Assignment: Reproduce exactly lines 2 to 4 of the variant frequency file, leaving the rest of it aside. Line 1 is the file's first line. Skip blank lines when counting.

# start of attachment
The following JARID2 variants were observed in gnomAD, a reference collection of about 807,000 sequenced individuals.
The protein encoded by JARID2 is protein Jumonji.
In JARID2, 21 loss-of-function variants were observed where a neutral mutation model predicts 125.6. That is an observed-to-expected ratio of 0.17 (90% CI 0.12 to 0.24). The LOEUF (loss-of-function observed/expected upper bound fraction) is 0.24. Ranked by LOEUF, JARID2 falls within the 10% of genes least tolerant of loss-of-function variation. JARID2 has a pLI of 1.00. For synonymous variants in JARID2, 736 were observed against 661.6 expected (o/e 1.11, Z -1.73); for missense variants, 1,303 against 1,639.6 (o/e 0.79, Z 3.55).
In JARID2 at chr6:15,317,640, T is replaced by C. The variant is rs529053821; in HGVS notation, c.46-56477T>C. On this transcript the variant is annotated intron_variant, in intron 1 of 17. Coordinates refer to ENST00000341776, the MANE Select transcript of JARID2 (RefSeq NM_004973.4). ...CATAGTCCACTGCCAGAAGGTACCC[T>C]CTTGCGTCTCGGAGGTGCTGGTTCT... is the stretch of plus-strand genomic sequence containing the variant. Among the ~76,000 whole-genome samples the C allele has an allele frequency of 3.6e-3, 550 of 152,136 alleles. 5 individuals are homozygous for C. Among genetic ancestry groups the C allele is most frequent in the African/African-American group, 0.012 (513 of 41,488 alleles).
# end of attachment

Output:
The protein encoded by JARID2 is protein Jumonji.
In JARID2, 21 loss-of-function variants were observed where a neutral mutation model predicts 125.6. That is an observed-to-expected ratio of 0.17 (90% CI 0.12 to 0.24). The LOEUF (loss-of-function observed/expected upper bound fraction) is 0.24. Ranked by LOEUF, JARID2 falls within the 10% of genes least tolerant of loss-of-function variation. JARID2 has a pLI of 1.00. For synonymous variants in JARID2, 736 were observed against 661.6 expected (o/e 1.11, Z -1.73); for missense variants, 1,303 against 1,639.6 (o/e 0.79, Z 3.55).
In JARID2 at chr6:15,317,640, T is replaced by C. The variant is rs529053821; in HGVS notation, c.46-56477T>C. On this transcript the variant is annotated intron_variant, in intron 1 of 17. Coordinates refer to ENST00000341776, the MANE Select transcript of JARID2 (RefSeq NM_004973.4). ...CATAGTCCACTGCCAGAAGGTACCC[T>C]CTTGCGTCTCGGAGGTGCTGGTTCT... is the stretch of plus-strand genomic sequence containing the variant. Among the ~76,000 whole-genome samples the C allele has an allele frequency of 3.6e-3, 550 of 152,136 alleles. 5 individuals are homozygous for C. Among genetic ancestry groups the C allele is most frequent in the African/African-American group, 0.012 (513 of 41,488 alleles).